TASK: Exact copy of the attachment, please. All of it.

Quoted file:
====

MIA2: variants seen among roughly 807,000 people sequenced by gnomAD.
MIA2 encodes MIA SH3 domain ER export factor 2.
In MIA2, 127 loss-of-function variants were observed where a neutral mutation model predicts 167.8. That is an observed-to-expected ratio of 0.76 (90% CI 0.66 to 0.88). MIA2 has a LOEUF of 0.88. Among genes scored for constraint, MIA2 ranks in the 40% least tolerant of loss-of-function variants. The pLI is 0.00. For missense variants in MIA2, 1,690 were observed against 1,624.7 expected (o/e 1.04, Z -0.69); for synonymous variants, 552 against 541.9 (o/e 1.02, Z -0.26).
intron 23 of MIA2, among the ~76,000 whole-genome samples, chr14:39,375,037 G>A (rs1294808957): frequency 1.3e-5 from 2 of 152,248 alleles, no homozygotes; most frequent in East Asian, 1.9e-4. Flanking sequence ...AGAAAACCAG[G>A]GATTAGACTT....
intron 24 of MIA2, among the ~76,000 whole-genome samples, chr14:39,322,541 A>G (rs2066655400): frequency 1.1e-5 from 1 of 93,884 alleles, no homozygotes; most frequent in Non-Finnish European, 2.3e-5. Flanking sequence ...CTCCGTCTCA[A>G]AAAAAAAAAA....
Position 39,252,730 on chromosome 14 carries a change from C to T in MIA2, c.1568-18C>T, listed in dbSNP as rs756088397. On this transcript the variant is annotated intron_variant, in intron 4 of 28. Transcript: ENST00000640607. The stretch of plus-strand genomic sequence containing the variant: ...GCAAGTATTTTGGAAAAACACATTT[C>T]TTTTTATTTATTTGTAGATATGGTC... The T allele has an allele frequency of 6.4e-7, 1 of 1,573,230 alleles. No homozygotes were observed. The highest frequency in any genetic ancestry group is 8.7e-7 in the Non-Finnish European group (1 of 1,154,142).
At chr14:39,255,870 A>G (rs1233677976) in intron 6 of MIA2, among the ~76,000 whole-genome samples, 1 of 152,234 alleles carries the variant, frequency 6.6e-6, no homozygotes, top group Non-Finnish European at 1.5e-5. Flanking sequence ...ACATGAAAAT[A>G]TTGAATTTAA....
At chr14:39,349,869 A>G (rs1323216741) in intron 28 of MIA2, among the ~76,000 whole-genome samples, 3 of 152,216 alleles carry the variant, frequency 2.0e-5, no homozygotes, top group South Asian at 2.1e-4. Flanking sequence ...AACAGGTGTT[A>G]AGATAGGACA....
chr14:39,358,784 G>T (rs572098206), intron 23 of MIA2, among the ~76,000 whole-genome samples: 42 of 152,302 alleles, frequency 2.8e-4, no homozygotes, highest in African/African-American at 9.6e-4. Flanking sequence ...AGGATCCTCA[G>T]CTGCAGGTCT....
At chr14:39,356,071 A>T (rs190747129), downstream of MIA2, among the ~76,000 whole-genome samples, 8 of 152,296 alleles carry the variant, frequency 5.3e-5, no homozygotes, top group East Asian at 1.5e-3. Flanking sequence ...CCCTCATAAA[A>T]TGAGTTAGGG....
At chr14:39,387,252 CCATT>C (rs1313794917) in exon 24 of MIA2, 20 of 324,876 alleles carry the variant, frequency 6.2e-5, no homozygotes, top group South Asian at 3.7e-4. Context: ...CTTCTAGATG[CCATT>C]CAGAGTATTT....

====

MIA2: variants seen among roughly 807,000 people sequenced by gnomAD.
MIA2 encodes MIA SH3 domain ER export factor 2.
In MIA2, 127 loss-of-function variants were observed where a neutral mutation model predicts 167.8. That is an observed-to-expected ratio of 0.76 (90% CI 0.66 to 0.88). MIA2 has a LOEUF of 0.88. Among genes scored for constraint, MIA2 ranks in the 40% least tolerant of loss-of-function variants. The pLI is 0.00. For missense variants in MIA2, 1,690 were observed against 1,624.7 expected (o/e 1.04, Z -0.69); for synonymous variants, 552 against 541.9 (o/e 1.02, Z -0.26).
intron 23 of MIA2, among the ~76,000 whole-genome samples, chr14:39,375,037 G>A (rs1294808957): frequency 1.3e-5 from 2 of 152,248 alleles, no homozygotes; most frequent in East Asian, 1.9e-4. Flanking sequence ...AGAAAACCAG[G>A]GATTAGACTT....
intron 24 of MIA2, among the ~76,000 whole-genome samples, chr14:39,322,541 A>G (rs2066655400): frequency 1.1e-5 from 1 of 93,884 alleles, no homozygotes; most frequent in Non-Finnish European, 2.3e-5. Flanking sequence ...CTCCGTCTCA[A>G]AAAAAAAAAA....
Position 39,252,730 on chromosome 14 carries a change from C to T in MIA2, c.1568-18C>T, listed in dbSNP as rs756088397. On this transcript the variant is annotated intron_variant, in intron 4 of 28. Transcript: ENST00000640607. The stretch of plus-strand genomic sequence containing the variant: ...GCAAGTATTTTGGAAAAACACATTT[C>T]TTTTTATTTATTTGTAGATATGGTC... The T allele has an allele frequency of 6.4e-7, 1 of 1,573,230 alleles. No homozygotes were observed. The highest frequency in any genetic ancestry group is 8.7e-7 in the Non-Finnish European group (1 of 1,154,142).
At chr14:39,255,870 A>G (rs1233677976) in intron 6 of MIA2, among the ~76,000 whole-genome samples, 1 of 152,234 alleles carries the variant, frequency 6.6e-6, no homozygotes, top group Non-Finnish European at 1.5e-5. Flanking sequence ...ACATGAAAAT[A>G]TTGAATTTAA....
At chr14:39,349,869 A>G (rs1323216741) in intron 28 of MIA2, among the ~76,000 whole-genome samples, 3 of 152,216 alleles carry the variant, frequency 2.0e-5, no homozygotes, top group South Asian at 2.1e-4. Flanking sequence ...AACAGGTGTT[A>G]AGATAGGACA....
chr14:39,358,784 G>T (rs572098206), intron 23 of MIA2, among the ~76,000 whole-genome samples: 42 of 152,302 alleles, frequency 2.8e-4, no homozygotes, highest in African/African-American at 9.6e-4. Flanking sequence ...AGGATCCTCA[G>T]CTGCAGGTCT....
At chr14:39,356,071 A>T (rs190747129), downstream of MIA2, among the ~76,000 whole-genome samples, 8 of 152,296 alleles carry the variant, frequency 5.3e-5, no homozygotes, top group East Asian at 1.5e-3. Flanking sequence ...CCCTCATAAA[A>T]TGAGTTAGGG....
At chr14:39,387,252 CCATT>C (rs1313794917) in exon 24 of MIA2, 20 of 324,876 alleles carry the variant, frequency 6.2e-5, no homozygotes, top group South Asian at 3.7e-4. Context: ...CTTCTAGATG[CCATT>C]CAGAGTATTT....